Think of everything the war in Iraq has affected: Our economy. Gas prices. Global security. Homeland security. Our society's civility. This is such a far-reaching, Republican-caused disaster that it's rather hard to get our heads wrapped around its impact. That's what we've got to do for the Americans to whom this is just night after night of violence on television: We've got to convince them that it's not just hurting us there, but it's hurting us here, too. We've been presented with a transformative opportunity, one that we must take advantage of if we are to regain power, improve our short-term outlook and foster long-term prosperity.

Getting out of Iraq must be our priority. Doing it the right way is imperative. Bush and the Republicans got us there, they lost and there's no changing that fact. Relying on sound thinking and progressive action, there can be an end in sight – one that every American can be proud of.

* For more in-depth reading about a progressive foreign policy (and one of the inspirations behind this piece), read this wonderful, convincing article by Lakshmi Chaudhry. For another expert opinion on why we have to get out of Iraq, read this article from Larry Johnson.

08/25/2005 at 08:15 PM | Permalink

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Setting a date provides terrorists (or freedom fighters, whatever you call them) hard intelligence as to when US troops will be at there most vulnerable. But I'm sure you support the troops. When they are dead.

Posted by: Kevin | 08/25/2005

Who called them freedom fighters, Kevin. So what do you propose, then? NOT setting a date and having our troops continue to get killed at a greater and greater pace? The illogic of your post is so typical of the average right wing talking points that it borders on laughable. You don't know me. I have friends over there, friends I care about. Friends I would like to see home safely. Friends there without the armor they need. Friends whose colleagues are having their benefits cut when they return. Friends whose president has placed them in an impossible situation, playing beat cop in a lawless nation that our ham-fisted policies helped produce.

Setting a date is the right thing to do. "Staying the course" and "winning the fight" are big talk that only win over folks like you, not actually SOLVING anything. So, if the terrorists you mention thought how you did, why wouldn't they just stop attacking us in hopes that we leave, THEN striking? What you're missing is that they're attacking us BECAUSE WE'RE THERE. If we're not there, they won't attack us.

So don't put words in my mouth. I won't put thoughts in your head. Deal?

Posted by: Joseph | 08/25/2005

If we create a timetable for the troops to leave, the insurgents will lose their main recruiting incentive: the indefinite presence of the invaders.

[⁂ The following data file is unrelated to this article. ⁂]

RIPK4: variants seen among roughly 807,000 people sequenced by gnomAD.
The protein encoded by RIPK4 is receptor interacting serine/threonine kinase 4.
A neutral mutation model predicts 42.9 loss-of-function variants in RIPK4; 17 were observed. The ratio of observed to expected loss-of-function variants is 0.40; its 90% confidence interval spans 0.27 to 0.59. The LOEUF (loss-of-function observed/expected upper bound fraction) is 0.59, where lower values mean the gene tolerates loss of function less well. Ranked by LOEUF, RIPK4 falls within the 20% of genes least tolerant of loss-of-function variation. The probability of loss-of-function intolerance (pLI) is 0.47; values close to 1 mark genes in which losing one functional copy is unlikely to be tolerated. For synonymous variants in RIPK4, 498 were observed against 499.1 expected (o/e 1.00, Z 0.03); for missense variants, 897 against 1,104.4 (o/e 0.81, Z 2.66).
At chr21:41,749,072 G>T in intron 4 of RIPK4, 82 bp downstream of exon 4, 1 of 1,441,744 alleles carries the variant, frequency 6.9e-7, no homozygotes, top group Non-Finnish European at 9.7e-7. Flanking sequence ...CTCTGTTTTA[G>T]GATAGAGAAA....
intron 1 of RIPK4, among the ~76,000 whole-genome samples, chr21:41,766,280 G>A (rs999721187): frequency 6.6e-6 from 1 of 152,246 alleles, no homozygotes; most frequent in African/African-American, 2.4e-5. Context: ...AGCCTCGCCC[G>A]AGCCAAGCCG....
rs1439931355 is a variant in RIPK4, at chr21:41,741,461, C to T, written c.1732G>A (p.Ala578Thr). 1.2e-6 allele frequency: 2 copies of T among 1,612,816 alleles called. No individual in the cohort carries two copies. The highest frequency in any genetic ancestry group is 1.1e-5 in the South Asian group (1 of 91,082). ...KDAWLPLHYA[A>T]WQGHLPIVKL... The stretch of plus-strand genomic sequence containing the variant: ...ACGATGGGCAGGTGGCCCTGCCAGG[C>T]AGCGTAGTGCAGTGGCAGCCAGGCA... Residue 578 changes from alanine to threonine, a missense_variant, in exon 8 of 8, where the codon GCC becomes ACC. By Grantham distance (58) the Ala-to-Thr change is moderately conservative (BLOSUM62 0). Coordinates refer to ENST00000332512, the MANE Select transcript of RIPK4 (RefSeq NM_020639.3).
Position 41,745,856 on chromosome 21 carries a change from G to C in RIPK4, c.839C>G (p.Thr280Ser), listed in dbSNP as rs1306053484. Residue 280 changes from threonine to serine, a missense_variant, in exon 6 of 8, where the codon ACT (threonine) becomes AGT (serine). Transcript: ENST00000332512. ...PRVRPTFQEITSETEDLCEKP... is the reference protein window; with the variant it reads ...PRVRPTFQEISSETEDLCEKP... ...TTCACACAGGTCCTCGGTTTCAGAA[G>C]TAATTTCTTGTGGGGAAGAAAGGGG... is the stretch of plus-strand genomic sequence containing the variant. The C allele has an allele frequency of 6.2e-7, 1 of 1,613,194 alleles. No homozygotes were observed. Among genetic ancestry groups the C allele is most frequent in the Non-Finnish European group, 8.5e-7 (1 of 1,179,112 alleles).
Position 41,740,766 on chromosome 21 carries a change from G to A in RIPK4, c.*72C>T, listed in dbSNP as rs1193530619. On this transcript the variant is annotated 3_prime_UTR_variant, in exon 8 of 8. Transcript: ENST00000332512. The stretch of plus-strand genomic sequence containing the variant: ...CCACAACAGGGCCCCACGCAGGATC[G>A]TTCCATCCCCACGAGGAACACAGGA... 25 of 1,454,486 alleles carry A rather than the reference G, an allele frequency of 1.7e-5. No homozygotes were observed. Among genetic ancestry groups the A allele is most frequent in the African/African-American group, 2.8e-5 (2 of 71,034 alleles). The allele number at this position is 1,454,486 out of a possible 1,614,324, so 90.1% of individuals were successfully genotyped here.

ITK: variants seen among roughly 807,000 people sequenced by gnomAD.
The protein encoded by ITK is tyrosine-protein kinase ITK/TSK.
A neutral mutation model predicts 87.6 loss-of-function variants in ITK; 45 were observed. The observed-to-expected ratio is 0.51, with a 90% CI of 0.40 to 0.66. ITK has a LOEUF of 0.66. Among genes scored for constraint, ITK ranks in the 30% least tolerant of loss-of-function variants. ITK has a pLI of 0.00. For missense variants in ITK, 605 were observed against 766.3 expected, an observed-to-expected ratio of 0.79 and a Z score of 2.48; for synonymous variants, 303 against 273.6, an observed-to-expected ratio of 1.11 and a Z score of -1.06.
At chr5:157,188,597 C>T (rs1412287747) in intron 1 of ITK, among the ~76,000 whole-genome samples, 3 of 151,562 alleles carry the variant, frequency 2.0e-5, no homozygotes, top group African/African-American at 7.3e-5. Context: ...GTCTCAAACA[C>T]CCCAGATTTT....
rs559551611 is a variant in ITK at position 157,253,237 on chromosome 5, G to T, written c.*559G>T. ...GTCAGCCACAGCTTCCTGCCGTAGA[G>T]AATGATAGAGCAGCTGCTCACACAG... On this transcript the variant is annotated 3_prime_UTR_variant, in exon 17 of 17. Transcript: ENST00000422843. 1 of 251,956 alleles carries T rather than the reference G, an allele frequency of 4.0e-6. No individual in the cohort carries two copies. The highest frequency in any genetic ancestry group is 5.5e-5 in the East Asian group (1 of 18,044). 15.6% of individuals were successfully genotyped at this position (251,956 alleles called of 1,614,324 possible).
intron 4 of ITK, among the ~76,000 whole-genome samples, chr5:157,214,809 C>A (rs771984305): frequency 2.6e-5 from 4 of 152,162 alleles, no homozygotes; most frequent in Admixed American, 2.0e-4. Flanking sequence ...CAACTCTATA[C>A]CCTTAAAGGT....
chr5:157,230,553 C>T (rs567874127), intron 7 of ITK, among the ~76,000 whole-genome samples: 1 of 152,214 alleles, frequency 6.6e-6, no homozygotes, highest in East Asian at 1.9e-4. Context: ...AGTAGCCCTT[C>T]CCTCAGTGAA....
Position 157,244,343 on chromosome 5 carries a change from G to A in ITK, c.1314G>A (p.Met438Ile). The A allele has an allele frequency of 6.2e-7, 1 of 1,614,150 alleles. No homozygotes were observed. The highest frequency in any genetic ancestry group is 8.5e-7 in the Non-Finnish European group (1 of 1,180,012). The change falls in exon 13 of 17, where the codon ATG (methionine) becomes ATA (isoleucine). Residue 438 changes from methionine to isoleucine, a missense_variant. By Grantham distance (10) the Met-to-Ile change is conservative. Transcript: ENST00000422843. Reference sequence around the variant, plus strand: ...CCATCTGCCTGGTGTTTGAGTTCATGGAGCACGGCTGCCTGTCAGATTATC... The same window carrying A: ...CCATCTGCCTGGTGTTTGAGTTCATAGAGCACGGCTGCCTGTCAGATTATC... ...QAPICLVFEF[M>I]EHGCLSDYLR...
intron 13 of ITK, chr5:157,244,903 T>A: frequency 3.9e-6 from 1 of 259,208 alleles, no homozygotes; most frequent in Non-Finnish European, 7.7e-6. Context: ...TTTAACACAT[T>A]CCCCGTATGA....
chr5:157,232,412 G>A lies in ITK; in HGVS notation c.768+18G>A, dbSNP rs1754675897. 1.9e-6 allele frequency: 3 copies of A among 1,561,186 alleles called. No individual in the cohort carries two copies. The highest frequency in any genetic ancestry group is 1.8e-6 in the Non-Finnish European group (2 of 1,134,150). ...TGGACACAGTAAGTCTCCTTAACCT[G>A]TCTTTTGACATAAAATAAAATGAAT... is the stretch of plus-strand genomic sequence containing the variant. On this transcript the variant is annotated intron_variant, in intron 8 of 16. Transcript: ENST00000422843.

Posted by: John M. Burt | 08/26/2005

Exactly right.

Posted by: Joseph | 08/26/2005

Is the indefinite pressence of invaders acutaually the main recruiting incentive?

I have seem more from Bin Laden/Zarqawi on how Democracy is incompatible with Islam than that the U.S. pressence defiles Iraq (he did care heavily about U.S. pressence in Saudi.) I have seen plenty also about how a Shiite dominated Iraq will be dangerous for Sunnis in Iraq.

From what I can tell, the foreign fighters and Sunni insurgents will be at least as motivated to end Iraqi democracy if we left today as they would if we remained indefinately. The don't blindly hate what we are doing in Iraq because we are the U.S. They hate what we are doing in Iraq, because they do not want a democracy there.

Posted by: Dave Justus | 08/26/2005

Joseph, I got here from Ezra's blog. I'm glad you took the time to answer the question "What would I do, however? How would I construct an exit strategy, a progressive answer to our regressive foreign policy?"

I'm just not sure I see a specific exit strategy above. Nor do I come away from this thinking that a progressive could do better. I'm looking for specifics. How do you get support from other countries? How do you train Iraqi security forces quicker? What is the specific timeline to use?

The reason I think you failed to answer this is not your fault at all. It is that its entirely possible there is no specific answer to how we succeed and leave and still save face at this point. I think Yglesias might be right. This war isn't failing because it was ill carried out, its failing because it was ill conceived.

Posted by: Adrock | 08/26/2005

"Setting a date provides terrorists hard intelligence as to when US troops will be at there most vulnerable."

Why would our troops be most vulnerable when they are extracting? You must think they are inept, that they are unqualified to do their job.

Do you think they would turn their backs on the enemy as they were exiting? No, Americans will be exiting this war by walking backwards, guns pointing toward the enemy.

Posted by: Adrock | 08/26/2005

Adrock, I agree, I could have gotten into more specifics and I won't use brevity as an excuse. I wanted to paint a general picture of what I thought Bush isn't doing and what a progressive policy could do. Do I want our troops there after next year? Not at all. I also agree that Bush has mismanaged the planning of Iraq so badly that finding a way out is like trying to untangle that knot that always shows up in the Christmas lights. But I should have been more explicit about how soon I want our troops gone. By the end of 2006. Will this ever happen? There'll be a token withdrawal for sure (to help with the mid-terms). But given the nature of those bases we're building there, we're in this one for the long haul.

Posted by: Joseph | 08/26/2005

You're probably right.

Me? I'm just sick of seeing Americans dying. Must be a flaw in my personality or something. I guess Bush and his defenders aren't sick of it.

Posted by: Adrock | 08/26/2005

Me too. I think their compassion chip has been removed.